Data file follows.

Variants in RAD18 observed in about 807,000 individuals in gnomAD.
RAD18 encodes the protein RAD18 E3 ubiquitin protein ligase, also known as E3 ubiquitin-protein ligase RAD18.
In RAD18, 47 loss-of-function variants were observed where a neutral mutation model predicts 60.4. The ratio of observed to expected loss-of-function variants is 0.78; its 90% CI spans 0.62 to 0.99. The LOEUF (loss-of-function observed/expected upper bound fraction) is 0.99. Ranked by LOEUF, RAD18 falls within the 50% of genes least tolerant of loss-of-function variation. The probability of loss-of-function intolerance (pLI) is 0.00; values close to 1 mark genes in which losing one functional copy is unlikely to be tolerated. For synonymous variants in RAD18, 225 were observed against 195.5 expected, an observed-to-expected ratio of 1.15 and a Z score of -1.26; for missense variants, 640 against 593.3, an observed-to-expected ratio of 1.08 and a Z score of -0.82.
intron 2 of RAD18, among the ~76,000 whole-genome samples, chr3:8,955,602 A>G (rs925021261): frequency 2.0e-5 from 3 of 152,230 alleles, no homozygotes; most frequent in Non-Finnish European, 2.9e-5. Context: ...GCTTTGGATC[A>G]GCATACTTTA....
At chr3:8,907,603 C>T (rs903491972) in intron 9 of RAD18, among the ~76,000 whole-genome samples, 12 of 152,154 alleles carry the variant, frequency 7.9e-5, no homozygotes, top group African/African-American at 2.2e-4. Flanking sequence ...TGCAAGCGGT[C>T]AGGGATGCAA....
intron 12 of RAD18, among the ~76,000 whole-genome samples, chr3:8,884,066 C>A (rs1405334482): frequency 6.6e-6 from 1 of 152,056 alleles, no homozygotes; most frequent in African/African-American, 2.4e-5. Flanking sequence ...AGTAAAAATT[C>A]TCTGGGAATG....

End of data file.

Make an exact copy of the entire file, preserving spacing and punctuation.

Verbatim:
Variants in RAD18 observed in about 807,000 individuals in gnomAD.
RAD18 encodes the protein RAD18 E3 ubiquitin protein ligase, also known as E3 ubiquitin-protein ligase RAD18.
In RAD18, 47 loss-of-function variants were observed where a neutral mutation model predicts 60.4. The ratio of observed to expected loss-of-function variants is 0.78; its 90% CI spans 0.62 to 0.99. The LOEUF (loss-of-function observed/expected upper bound fraction) is 0.99. Ranked by LOEUF, RAD18 falls within the 50% of genes least tolerant of loss-of-function variation. The probability of loss-of-function intolerance (pLI) is 0.00; values close to 1 mark genes in which losing one functional copy is unlikely to be tolerated. For synonymous variants in RAD18, 225 were observed against 195.5 expected, an observed-to-expected ratio of 1.15 and a Z score of -1.26; for missense variants, 640 against 593.3, an observed-to-expected ratio of 1.08 and a Z score of -0.82.
intron 2 of RAD18, among the ~76,000 whole-genome samples, chr3:8,955,602 A>G (rs925021261): frequency 2.0e-5 from 3 of 152,230 alleles, no homozygotes; most frequent in Non-Finnish European, 2.9e-5. Context: ...GCTTTGGATC[A>G]GCATACTTTA....
At chr3:8,907,603 C>T (rs903491972) in intron 9 of RAD18, among the ~76,000 whole-genome samples, 12 of 152,154 alleles carry the variant, frequency 7.9e-5, no homozygotes, top group African/African-American at 2.2e-4. Flanking sequence ...TGCAAGCGGT[C>T]AGGGATGCAA....
intron 12 of RAD18, among the ~76,000 whole-genome samples, chr3:8,884,066 C>A (rs1405334482): frequency 6.6e-6 from 1 of 152,056 alleles, no homozygotes; most frequent in African/African-American, 2.4e-5. Flanking sequence ...AGTAAAAATT[C>A]TCTGGGAATG....